Wednesday, 7 January 2015

Calculation of Portfolio for Next 5 Years.

I'm trying to picture what my portfolio growth would be in 5 years time so I've decided to come out with a simple Excel Sheet to calculate that with the following assumptions:

1) Annual injection of capital is $10,000.

2) Average dividends yield is 6%

3) Dividends to be reinvested 100%

4) All else remains constant

Year Initial Capital Dividends (6%) Annual Injection Total Average Dividends Per Month

2015 $60,000.00 $3,600.00 $10,000.00 $73,600.00 $300.00

2016 $73,600.00 $4,416.00 $10,000.00 $88,016.00 $368.00

2017 $88,016.00 $5,280.96 $10,000.00 $103,296.96 $440.08

2018 $103,296.96 $6,197.82 $10,000.00 $119,494.78 $516.48

2019 $119,494.78 $7,169.69 $10,000.00 $136,664.46 $597.47

This is what I would At Least have by end of 2019 at the age of 32 years old with all the assumption where everything remain constant.

On top of that I would have $54972 principle amount inside my Standard Chartered Flexi-save endowment plan (which is a huge mistake i've made)

All at the end of 2019.

Conclusion: The growth doesn't really seem optimistic with just $10,000 annual injection.. I guess I will need to cut down more on my expenses and delegate more dollars into my portfolio to work for me as my employees. This is my own business that I will have to groom it myself.

Recommendation for Myself: be a little more frugal and to increase my annual injection to $15,000.

And it would look like this!

Year Initial Capital Dividends (6%) Annual Injection Total Average Dividends Per Month

2015 $60,000.00 $3,600.00 $15,000.00 $78,600.00 $300.00

2016 $78,600.00 $4,716.00 $15,000.00 $98,316.00 $393.00

2017 $98,316.00 $5,898.96 $15,000.00 $119,214.96 $491.58

2018 $119,214.96 $7,152.90 $15,000.00 $141,367.86 $596.07

2019 $141,367.86 $8,482.07 $15,000.00 $164,849.93 $706.84


  1. Hi jfree

    Good projections there.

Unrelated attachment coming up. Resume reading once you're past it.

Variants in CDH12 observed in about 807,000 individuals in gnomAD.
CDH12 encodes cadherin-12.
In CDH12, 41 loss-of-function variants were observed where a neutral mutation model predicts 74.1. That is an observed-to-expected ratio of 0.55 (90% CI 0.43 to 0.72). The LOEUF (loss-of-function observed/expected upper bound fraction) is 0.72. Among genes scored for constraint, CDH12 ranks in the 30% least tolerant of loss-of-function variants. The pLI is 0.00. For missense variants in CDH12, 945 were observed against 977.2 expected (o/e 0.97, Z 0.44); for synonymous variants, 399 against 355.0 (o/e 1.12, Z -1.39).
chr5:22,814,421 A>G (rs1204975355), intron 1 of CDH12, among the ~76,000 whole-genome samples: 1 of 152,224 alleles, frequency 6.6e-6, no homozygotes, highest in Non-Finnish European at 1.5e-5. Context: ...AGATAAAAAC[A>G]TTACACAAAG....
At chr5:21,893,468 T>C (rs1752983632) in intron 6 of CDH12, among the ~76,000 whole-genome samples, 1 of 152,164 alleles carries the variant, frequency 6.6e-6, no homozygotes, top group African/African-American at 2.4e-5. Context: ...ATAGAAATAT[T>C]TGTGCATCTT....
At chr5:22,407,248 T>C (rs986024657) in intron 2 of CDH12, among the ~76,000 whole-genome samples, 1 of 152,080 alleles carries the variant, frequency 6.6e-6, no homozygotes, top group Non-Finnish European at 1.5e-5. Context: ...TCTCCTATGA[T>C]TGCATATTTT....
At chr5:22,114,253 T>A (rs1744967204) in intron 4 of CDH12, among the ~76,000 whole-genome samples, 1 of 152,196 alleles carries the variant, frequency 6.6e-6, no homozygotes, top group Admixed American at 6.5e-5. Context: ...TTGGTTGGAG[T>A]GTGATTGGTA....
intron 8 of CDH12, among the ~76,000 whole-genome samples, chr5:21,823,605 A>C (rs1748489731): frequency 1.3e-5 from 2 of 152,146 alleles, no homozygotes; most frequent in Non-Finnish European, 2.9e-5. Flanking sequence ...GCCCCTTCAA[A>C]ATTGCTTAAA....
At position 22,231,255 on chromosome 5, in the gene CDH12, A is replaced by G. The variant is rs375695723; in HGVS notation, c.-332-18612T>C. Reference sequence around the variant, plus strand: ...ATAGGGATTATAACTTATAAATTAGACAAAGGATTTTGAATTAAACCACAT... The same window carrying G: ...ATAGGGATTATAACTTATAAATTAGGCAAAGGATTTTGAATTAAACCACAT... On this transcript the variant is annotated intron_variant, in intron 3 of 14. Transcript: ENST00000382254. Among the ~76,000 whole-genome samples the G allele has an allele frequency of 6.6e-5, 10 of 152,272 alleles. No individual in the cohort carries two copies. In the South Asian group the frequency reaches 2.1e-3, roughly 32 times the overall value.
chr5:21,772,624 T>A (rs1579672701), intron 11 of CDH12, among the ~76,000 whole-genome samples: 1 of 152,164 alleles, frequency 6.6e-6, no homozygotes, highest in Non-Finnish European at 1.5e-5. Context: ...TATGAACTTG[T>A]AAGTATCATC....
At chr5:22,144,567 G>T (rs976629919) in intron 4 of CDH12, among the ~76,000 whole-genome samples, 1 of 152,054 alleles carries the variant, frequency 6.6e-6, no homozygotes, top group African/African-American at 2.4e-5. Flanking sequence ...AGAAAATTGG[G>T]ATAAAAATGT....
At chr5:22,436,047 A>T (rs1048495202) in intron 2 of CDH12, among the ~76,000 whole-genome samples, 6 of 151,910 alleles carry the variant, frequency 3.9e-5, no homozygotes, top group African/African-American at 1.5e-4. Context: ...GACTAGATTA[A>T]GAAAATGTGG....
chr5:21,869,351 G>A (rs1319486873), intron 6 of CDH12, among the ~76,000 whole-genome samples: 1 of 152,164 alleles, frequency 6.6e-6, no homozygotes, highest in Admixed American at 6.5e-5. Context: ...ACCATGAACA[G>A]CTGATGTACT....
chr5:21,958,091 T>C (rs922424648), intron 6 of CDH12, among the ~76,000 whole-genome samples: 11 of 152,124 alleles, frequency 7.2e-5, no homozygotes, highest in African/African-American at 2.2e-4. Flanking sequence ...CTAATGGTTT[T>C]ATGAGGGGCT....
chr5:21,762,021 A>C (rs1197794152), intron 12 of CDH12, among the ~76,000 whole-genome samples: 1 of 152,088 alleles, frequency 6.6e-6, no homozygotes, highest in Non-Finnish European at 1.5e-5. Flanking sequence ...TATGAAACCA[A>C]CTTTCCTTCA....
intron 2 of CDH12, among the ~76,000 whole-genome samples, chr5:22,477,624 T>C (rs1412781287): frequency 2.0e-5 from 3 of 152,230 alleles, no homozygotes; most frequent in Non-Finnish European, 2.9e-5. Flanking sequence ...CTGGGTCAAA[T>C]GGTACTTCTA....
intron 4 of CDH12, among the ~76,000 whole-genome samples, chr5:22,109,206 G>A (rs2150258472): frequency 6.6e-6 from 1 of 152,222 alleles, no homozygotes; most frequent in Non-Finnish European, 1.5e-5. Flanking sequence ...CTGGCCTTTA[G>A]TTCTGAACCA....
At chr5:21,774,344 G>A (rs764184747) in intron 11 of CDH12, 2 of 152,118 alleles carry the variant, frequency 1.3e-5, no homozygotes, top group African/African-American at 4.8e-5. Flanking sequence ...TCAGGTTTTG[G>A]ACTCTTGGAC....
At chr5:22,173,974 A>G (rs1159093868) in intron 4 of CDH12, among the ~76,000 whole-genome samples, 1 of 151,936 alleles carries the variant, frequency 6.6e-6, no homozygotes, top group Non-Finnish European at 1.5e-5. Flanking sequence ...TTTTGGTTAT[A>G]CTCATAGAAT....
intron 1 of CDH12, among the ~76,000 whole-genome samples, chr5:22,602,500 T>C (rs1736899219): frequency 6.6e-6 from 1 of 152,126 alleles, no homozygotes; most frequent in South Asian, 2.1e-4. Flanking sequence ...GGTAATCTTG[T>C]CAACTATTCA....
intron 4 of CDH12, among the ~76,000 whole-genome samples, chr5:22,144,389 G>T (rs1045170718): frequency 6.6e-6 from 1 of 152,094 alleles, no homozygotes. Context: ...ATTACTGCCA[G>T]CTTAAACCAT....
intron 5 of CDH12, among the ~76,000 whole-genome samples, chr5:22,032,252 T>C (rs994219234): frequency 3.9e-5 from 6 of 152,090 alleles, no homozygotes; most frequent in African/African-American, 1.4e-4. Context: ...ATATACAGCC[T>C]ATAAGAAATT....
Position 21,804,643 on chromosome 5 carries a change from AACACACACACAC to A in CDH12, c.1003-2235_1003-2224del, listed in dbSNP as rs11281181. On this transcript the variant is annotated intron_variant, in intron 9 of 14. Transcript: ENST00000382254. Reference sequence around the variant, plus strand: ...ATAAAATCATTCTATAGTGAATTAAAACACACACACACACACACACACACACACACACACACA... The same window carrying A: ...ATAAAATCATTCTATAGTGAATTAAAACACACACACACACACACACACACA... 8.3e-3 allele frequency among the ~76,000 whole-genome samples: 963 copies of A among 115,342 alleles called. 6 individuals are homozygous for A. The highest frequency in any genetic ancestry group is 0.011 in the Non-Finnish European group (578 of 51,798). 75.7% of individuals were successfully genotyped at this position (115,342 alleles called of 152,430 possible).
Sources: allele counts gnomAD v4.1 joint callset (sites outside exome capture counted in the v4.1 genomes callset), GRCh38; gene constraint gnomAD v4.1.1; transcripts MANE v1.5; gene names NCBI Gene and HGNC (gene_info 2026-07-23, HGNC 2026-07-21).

On top of it, maybe you can work on improving returns that beat the sti. I know it seems like the market is not within our control but through proper risk management we can view returns as positive over the long run. It will make a whole lot difference to your portfolio by then.

  2. Hi B,

    Thanks for explaining my queries through facebook! Yup I'm optimistic that the stocks i bought now will grow in next 5 years but than dunno by how much. on top of that i also didn't factor in inheritance, windfall from betting and increase in salary income. Thats the worst case safe margin of what i am projecting in the next 5 years.


  3. Hi Jfree, I'm enjoying reading your blog too! Btw, I'm wondering how you project 6% growth annually. Since the market has risks, how can you be so sure that you'll get 6%? Do share! But that's a lovely projection, very inspiring!

    1. Hi Budget Babe!

      Welcome to my blog! The 6% is not the stock growth but the dividends per annum given to me from my mostly REITS stock portfolio ranging from 5% - 7% i averaged it to 6% as an estimation. As nobody can predict the market itself, on assumption #4 I stated All else remains constant. Although for stocks, the price will likely to grow in long term if there's isn't any major crisis.

      Actually I'm still quite new to stocks investing and I'm doing my due diligence learning everyday by reading books and reading other people's blog. Take a look at blogger B who commented earlier above. At his age, his portfolio is so much bigger than mine I wonder how can I catch up with him..

      I am currently thinking about how can I save money for 2015 after seeing your popular blog post. Because you inspired me!


    2. While you may get 6% from dividend yield of REITs, don't forget the REIT stock value could also drop or rise. It's the total return that would impact your portfolio value.

    3. Hello Lizardo,

      thanks for pointing out that. my focus on reits is mainly on the dividends, at least for me, i know that for reits the changes will not be huge since i only bought them on last year's august when they are already in a matured state. so this only serve as a income counter for me. im only concentrating on how much capital i need to put in my portfolio now.



  4. If dividend income is what you desire, and your time horizon is long, lowering the dividend target to 3-4% instead of 6% would open up more options so that you are not overly weighted in REITs. Just a suggestion. These options also carry potential for capital growth along with dividend income, as well as dividend growth.

    1. i totally agree with you, i want to look for something with growth and dividend growth at the same time. but i got no idea what is good.. because i only know reits now, which is what usually middle income people do, play safe and get rich slower than what the rich does. i am now storing capital and will inject once i have the power to. looking to get non reit stocks from now on! after reading rich dad poor dad!

      thanks for the enlightenment Lizardo!!